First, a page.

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    Lung cancer drug approved

    Soon after FDA granted accelerated approval for atezolizumab (Tecentriq, Genentech) to treat bladder cancer, the agency apporoved the drug to treat metastatic non-small cell lung cancer (NSCLC).

    This spring, FDA approved Tecentriq as the first drug for bladder cancer that utilizes the body’s immune system. “Tecentriq is a new medicine that can work with the immune system to treat people with a type of bladder cancer that progressed after platinum-based chemotherapy,” said Sandra Horning, MD, chief medical officer and head of Global Product Development at Genentech.

    Related: Why new bladder cancer drug is novel

    Now, Roche-owned Genentech has been able to show that Tecentriq helped patients in Phase II and Phase III studies live a median of 13.8 months, 4.2 months longer than those treated with docetaxel chemotherapy. The drug is specifically for patients with metastatic non-small cell lung cancer (NSCLC) who have disease progression during or following platinum-containing chemotherapy, and have progressed on an appropriate FDA-approved targeted therapy if their tumor has EGFR or ALK gene abnormalities.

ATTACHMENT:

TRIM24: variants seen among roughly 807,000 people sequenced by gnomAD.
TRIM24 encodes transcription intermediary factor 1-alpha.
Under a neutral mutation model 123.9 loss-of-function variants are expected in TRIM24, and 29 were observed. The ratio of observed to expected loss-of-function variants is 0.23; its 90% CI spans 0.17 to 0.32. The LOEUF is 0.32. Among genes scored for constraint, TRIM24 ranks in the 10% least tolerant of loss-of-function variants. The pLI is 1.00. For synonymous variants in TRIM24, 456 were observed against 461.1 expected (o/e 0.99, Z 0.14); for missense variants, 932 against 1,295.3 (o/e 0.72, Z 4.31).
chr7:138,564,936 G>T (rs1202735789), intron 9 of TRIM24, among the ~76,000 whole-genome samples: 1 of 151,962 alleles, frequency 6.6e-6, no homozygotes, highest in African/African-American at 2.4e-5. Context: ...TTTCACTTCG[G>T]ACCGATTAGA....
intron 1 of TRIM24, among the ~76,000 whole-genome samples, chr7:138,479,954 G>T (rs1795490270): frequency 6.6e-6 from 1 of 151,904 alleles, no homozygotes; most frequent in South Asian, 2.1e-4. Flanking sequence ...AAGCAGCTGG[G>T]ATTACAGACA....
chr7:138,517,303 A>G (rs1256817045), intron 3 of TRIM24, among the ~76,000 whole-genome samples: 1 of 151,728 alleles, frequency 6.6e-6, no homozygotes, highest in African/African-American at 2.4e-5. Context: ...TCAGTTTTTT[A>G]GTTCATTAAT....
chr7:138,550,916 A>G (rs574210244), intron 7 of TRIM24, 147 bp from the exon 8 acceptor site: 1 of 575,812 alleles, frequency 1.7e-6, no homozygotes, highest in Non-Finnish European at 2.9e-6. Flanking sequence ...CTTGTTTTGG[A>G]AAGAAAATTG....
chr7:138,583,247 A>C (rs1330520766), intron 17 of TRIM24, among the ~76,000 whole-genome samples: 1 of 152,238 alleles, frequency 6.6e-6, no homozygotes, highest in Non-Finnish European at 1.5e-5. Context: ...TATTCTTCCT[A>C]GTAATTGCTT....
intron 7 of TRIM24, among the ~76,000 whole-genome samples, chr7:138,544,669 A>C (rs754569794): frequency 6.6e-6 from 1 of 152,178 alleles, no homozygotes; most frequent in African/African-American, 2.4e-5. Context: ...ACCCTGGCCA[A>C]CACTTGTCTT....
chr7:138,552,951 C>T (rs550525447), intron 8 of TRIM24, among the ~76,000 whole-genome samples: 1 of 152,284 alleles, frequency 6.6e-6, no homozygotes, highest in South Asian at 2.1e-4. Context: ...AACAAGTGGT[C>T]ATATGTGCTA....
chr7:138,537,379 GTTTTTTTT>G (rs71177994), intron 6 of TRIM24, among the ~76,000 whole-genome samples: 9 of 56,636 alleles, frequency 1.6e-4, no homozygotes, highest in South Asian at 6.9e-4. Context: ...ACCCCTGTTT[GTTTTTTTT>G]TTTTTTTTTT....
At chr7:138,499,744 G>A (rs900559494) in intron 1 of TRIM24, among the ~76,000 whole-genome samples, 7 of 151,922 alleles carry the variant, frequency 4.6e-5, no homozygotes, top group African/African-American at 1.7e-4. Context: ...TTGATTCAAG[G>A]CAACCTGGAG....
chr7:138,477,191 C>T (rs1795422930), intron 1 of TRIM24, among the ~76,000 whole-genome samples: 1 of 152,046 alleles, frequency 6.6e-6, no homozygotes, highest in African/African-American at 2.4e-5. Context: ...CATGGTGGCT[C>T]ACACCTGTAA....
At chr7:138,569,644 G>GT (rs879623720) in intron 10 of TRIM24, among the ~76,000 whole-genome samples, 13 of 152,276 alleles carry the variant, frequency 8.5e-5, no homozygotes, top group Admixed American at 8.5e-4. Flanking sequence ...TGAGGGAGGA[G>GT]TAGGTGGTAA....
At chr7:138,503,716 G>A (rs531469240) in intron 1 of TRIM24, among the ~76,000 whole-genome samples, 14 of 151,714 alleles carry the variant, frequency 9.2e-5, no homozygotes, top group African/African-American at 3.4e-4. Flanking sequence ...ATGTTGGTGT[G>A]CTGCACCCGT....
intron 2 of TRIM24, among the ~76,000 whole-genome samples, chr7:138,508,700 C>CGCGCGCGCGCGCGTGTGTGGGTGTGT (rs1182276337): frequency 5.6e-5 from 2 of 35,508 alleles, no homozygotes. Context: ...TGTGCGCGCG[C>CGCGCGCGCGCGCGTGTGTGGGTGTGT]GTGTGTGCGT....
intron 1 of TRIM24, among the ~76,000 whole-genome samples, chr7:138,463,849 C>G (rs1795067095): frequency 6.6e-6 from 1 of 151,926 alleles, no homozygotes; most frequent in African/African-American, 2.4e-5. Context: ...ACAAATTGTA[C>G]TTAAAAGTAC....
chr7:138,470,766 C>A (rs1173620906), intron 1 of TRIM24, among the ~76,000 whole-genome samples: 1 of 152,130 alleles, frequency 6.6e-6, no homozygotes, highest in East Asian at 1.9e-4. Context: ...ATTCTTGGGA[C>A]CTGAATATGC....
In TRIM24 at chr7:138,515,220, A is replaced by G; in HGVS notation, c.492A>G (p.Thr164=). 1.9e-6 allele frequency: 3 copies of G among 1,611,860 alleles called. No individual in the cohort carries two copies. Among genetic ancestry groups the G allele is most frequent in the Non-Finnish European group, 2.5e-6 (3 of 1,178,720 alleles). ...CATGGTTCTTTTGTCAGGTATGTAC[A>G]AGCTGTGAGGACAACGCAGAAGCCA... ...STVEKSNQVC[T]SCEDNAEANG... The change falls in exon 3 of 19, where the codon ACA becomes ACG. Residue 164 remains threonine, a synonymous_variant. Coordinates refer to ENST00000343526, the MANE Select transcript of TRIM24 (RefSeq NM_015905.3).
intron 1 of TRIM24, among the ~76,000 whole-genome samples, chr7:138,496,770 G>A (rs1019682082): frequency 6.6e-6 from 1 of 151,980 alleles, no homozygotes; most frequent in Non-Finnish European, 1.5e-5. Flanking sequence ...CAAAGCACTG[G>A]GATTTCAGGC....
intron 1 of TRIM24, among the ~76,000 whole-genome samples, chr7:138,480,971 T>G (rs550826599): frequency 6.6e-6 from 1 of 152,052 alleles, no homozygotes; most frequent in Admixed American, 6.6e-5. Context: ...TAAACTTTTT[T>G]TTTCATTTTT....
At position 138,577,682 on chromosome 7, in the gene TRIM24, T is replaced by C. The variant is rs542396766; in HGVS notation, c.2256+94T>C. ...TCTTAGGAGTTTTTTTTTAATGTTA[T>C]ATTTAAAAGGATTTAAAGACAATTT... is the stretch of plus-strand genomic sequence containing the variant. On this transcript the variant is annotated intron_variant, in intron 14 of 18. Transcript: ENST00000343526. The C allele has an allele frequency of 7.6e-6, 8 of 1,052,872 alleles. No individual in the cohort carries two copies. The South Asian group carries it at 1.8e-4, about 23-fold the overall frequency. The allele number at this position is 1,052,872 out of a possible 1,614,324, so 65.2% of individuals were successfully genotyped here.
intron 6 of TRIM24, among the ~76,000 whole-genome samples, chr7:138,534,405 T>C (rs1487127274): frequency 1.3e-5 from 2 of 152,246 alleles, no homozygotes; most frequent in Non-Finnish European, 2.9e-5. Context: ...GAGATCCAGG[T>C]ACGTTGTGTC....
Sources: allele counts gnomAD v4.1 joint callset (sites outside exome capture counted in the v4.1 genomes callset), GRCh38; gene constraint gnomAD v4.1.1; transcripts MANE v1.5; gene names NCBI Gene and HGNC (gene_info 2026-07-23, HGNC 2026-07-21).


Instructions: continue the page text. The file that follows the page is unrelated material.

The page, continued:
“Tecentriq is a new option to help people with this type of previously treated metastatic lung cancer, regardless of PD-L1 expression, live longer than chemotherapy,” Horning said. “Tecentriq is the first and only approved cancer immunotherapy designed to target the PD-L1 protein, which may play an important role in the way the medicine works.”

    Related: FDA expands drug to treat NSCLC

    The Tecentriq development program includes more than 15 clinical trials in lung cancer, including seven Phase III studies in previously untreated (first-line) lung cancer. These studies are evaluating the use of Tecentriq alone or in combination with other medicines.

    Possible serious side effects with Tecentriq include, but are not limited to, lung problems (pneumonitis), liver problems (hepatitis), intestinal problems (colitis), hormone gland problems (especially the pituitary, thyroid, adrenal glands and pancreas), nervous system problems (neuropathy, meningitis and encephalitis), eye problems (inflammation of the eyes), severe infections and severe infusion reactions. 

    Read more: FDA expands Opdivo use for metastatic melanoma

    Christine Blank
    Contributing Editor Christine Blank is a freelance writer based in Florida.


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